By Dr. Mark Denison — Tiger Woods and Lindsey Vonn announced the end of their relationship last week. The legendary golfer and skier had been dating for three years. Vonn announced, “After nearly three years together, Tiger and I have mutually decided to end our relationship. I will always cherish the memories that we’ve created together. He and his beautiful family will always hold a special place in my heart.” That sounded benign enough. But is there more to the story? When you look up “the man who had it all” in the dictionary, you will find Tiger Woods’ picture there. He has won 79 PGA tournaments, including 14 majors. His net worth is $600 million. He was married to swimsuit model Elin Nordegren, and has two gorgeous kids. But all that came unraveled under mysterious circumstances outside the couple’s home in Windermere, Florida when he drove his SUV into a fire hydrant November 27, 2009. Tiger later admitted to serial infidelities and sought treatment for sex addiction. He moved to Jupiter Island, Florida, where he shares custody of Sam and Charlie, ages eight and six. Having completed treatment for his addiction and committed to Lindsey, Tiger’s world was coming back together, if not his golf game. Then Tiger and Lindsey “mutually agreed” to break up. Tiger has admitted to sleepless nights since. He is not happy. And several media outlets, including ABC News, have reported there is more to the story. Woods was playing in the Farmers Insurance Open in San Diego in February. After 12 rounds he withdrew with back pain. That night, he was spotted with another woman and eventually admitted this relapse to Lindsey under the stress of the story becoming public. A friend of the couple said Woods “had a relapse in the sex department. Lindsey found out about women again, always while he’s on the road. Just like when he was with Elin.” I’m sure more of this story will soon come out. Sorting fact from fiction won’t be easy. But finding lessons from the Woods-Vonn breakup is. When hearing of such an event, the easy thing to do is joke about Tiger, criticize him, and mock him. After all, how can a man with $600 million, a gorgeous wife (and now girlfriend) toss it all away for a “faceless, nameless woman” (as described by the family friend)? Let me offer some humble advice. First, don’t criticize another person until you have your life 100 percent on track. (In other words, don’t criticize another person). Second, recognize the only perfect people are the ones you haven’t met yet. Third, addictions are real. Some psychiatrists estimate there are 150 legitimate addictions, and the average person has 1.3 of them. Fourth, the sin of Tiger Woods is not that he is addicted to sex. I’m sure he did not choose this addiction. The sin is not getting satisfactory help with it. If the stories are true, Tiger is among the high number of addicts who relapse, estimated at 90 percent by some studies. Fifth, the battle is not won in a day, a week, or even a year. There is no easy fix or pill to take. Recovery is hard work, and success is found only in the crucible of daily commitment and reliance on a loving God. Sixth, your addiction does not define you, nor does it make God love you less. And seventh, some addictions are good, such as serving God. Paul praised some believers who “addicted themselves to the ministry of the saints” (1 Corinthians 16:15). Why does the media go nuts when a star falls? Because we hunger for that kind of stuff. When others fall, we feel better about ourselves. Sure, it’s easy to judge Tiger Woods for his infidelity and addictions. It’s easy to criticize him for throwing it all away for a brief thrill. It’s easy to discuss his faults, and those of others. Celebrities like Tiger Woods, Charlie Sheen, Lance Armstrong, Bill Clinton, Mike Tyson, Gary Hart, Matthew Perry, and Lindsay Lohan are easy targets. It would be easy to criticize those who died at the hand of their addictions and/or drugs, such as John Belushi, Chris Farley, Judy Garland, Whitney Houston, and Janis Joplin. Nothing would be easier than to criticize Tiger Woods as he suffers in the depths of his addictions and depression. And I will be the first to pile on. Just as soon as I have everything 100 percent right in my own life. Until then, I’ll let someone else throw the first stone.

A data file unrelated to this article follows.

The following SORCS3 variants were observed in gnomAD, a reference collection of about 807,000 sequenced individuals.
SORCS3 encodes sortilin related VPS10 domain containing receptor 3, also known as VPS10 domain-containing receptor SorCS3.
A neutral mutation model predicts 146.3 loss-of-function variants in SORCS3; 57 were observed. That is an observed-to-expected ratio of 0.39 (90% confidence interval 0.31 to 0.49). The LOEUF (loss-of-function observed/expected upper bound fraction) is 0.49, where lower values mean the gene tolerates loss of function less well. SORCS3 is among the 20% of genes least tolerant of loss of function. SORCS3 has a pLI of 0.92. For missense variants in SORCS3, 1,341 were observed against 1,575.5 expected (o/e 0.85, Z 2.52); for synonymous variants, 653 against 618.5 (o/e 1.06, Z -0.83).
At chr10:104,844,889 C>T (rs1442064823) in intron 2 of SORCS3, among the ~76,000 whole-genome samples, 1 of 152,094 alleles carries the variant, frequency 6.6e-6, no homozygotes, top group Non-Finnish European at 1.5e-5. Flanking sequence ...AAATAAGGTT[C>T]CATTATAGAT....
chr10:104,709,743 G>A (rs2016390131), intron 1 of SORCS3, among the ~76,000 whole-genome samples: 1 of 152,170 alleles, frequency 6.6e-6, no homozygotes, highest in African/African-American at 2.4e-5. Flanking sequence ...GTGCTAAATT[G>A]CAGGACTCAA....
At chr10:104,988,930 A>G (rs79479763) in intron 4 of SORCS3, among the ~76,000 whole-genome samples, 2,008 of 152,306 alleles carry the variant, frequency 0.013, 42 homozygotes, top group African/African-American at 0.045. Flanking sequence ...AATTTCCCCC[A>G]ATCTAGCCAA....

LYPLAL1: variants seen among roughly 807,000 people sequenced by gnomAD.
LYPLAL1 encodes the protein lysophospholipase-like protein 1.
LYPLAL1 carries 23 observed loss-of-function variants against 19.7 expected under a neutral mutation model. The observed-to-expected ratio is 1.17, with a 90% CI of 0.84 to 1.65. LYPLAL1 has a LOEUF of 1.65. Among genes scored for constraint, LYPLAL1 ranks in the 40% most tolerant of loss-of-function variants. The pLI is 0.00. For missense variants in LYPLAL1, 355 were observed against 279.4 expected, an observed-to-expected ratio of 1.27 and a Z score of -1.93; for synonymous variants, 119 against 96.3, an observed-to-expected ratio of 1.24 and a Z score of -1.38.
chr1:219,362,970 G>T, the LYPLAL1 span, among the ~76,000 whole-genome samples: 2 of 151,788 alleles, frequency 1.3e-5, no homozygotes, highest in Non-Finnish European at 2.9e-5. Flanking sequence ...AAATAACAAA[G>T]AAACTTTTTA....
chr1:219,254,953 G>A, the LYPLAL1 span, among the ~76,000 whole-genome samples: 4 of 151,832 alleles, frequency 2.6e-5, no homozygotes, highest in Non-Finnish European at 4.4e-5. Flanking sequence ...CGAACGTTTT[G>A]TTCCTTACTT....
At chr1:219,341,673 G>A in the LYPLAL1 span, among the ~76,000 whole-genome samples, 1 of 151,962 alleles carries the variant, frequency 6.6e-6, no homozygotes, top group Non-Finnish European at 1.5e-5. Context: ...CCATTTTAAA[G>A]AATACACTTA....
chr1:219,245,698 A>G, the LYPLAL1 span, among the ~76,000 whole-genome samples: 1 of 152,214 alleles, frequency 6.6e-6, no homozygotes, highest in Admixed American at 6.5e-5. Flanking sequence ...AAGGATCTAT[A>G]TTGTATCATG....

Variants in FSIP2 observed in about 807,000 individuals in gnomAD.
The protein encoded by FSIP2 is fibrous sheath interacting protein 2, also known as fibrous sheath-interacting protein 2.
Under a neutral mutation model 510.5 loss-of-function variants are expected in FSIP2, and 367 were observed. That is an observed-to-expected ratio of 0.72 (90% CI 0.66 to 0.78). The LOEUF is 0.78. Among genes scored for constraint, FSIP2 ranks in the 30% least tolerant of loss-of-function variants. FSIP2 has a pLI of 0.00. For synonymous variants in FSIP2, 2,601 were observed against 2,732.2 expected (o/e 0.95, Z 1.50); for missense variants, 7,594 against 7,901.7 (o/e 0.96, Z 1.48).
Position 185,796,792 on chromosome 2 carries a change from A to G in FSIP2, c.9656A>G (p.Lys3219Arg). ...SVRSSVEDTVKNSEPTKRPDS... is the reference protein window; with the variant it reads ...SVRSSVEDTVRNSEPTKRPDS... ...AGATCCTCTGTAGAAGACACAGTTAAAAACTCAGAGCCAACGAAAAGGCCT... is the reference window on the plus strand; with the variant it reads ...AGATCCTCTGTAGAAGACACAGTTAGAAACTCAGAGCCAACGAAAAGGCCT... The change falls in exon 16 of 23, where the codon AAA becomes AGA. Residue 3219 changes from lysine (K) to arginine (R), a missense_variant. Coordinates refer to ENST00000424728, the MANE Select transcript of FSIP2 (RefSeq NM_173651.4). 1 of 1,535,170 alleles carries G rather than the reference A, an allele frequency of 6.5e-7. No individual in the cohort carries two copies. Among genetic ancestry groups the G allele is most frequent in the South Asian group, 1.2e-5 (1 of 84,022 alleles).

The First Memorial Day

Decoration Day was first observed on May 5, 1865 by proclamation of General John A. Logan of the Grand Army of the Republic. Its purpose was to honor those who died “in defense of their country during the late rebellion.” Mourners paid tribute to the Civil War dead by decorating their graves with flowers. On the first Decoration Day, General James Garfield made a speech at Arlington National Cemetery, after which 5,000 participants helped to decorate the graves of more than 20,000 Union and Confederate soldiers buried in the cemetery.

By 1868 several cities were claiming to be the first city to host local observances, including Richmond and Macon. The date was later moved to May 30 and they decorated the graves of World War I and World War II veterans, as well. With time, the holiday became known as Memorial Day. President Lyndon Johnson declared Waterloo, New York, the official birthplace of Memorial Day. They chose Waterloo – where patriotic celebrations began in 1866 – because the town had held an annual, community-wide event. Businesses closed and residents decorated the graves of soldiers with flowers and flags.

The holiday was officially designated as Memorial Day in 1971, and it was placed on the last Monday of each May, providing a three-day holiday. So this year, when you go to the beach or lake, when you cook outside and hang out with family and friends, remember those whose lives are worthy of remembrance. They gave their lives for their God and country. Let’s remember them with thankful hearts. And in the tradition of John A. Logan, why not visit a cemetery? And decorate a grave.